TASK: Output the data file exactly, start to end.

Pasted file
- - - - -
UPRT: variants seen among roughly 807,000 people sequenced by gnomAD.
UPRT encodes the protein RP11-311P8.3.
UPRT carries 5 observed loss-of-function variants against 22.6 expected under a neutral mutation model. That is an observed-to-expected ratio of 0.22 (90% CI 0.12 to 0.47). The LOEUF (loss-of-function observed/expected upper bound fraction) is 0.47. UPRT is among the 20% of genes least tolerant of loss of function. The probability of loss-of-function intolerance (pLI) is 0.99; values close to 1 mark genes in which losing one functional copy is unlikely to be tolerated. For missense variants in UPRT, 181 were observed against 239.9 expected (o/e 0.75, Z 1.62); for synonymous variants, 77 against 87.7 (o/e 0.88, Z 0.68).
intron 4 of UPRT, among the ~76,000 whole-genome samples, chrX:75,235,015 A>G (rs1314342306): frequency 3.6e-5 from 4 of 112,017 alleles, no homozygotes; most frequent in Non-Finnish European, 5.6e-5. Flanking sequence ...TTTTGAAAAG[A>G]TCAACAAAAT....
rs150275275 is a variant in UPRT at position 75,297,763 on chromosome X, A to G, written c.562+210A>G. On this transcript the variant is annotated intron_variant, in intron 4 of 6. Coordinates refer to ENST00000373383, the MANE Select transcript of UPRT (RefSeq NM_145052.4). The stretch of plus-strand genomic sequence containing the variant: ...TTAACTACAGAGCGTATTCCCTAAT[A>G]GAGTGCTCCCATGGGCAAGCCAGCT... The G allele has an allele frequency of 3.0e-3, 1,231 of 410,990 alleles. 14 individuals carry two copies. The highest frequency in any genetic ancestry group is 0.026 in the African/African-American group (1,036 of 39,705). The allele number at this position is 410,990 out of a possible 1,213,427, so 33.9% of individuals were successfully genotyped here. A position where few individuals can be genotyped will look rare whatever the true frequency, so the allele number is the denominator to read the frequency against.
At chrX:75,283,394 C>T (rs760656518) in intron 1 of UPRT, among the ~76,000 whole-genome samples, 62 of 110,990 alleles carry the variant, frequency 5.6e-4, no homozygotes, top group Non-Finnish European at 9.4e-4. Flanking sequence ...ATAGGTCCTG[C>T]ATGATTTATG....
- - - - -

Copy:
UPRT: variants seen among roughly 807,000 people sequenced by gnomAD.
UPRT encodes the protein RP11-311P8.3.
UPRT carries 5 observed loss-of-function variants against 22.6 expected under a neutral mutation model. That is an observed-to-expected ratio of 0.22 (90% CI 0.12 to 0.47). The LOEUF (loss-of-function observed/expected upper bound fraction) is 0.47. UPRT is among the 20% of genes least tolerant of loss of function. The probability of loss-of-function intolerance (pLI) is 0.99; values close to 1 mark genes in which losing one functional copy is unlikely to be tolerated. For missense variants in UPRT, 181 were observed against 239.9 expected (o/e 0.75, Z 1.62); for synonymous variants, 77 against 87.7 (o/e 0.88, Z 0.68).
intron 4 of UPRT, among the ~76,000 whole-genome samples, chrX:75,235,015 A>G (rs1314342306): frequency 3.6e-5 from 4 of 112,017 alleles, no homozygotes; most frequent in Non-Finnish European, 5.6e-5. Flanking sequence ...TTTTGAAAAG[A>G]TCAACAAAAT....
rs150275275 is a variant in UPRT at position 75,297,763 on chromosome X, A to G, written c.562+210A>G. On this transcript the variant is annotated intron_variant, in intron 4 of 6. Coordinates refer to ENST00000373383, the MANE Select transcript of UPRT (RefSeq NM_145052.4). The stretch of plus-strand genomic sequence containing the variant: ...TTAACTACAGAGCGTATTCCCTAAT[A>G]GAGTGCTCCCATGGGCAAGCCAGCT... The G allele has an allele frequency of 3.0e-3, 1,231 of 410,990 alleles. 14 individuals carry two copies. The highest frequency in any genetic ancestry group is 0.026 in the African/African-American group (1,036 of 39,705). The allele number at this position is 410,990 out of a possible 1,213,427, so 33.9% of individuals were successfully genotyped here. A position where few individuals can be genotyped will look rare whatever the true frequency, so the allele number is the denominator to read the frequency against.
At chrX:75,283,394 C>T (rs760656518) in intron 1 of UPRT, among the ~76,000 whole-genome samples, 62 of 110,990 alleles carry the variant, frequency 5.6e-4, no homozygotes, top group Non-Finnish European at 9.4e-4. Flanking sequence ...ATAGGTCCTG[C>T]ATGATTTATG....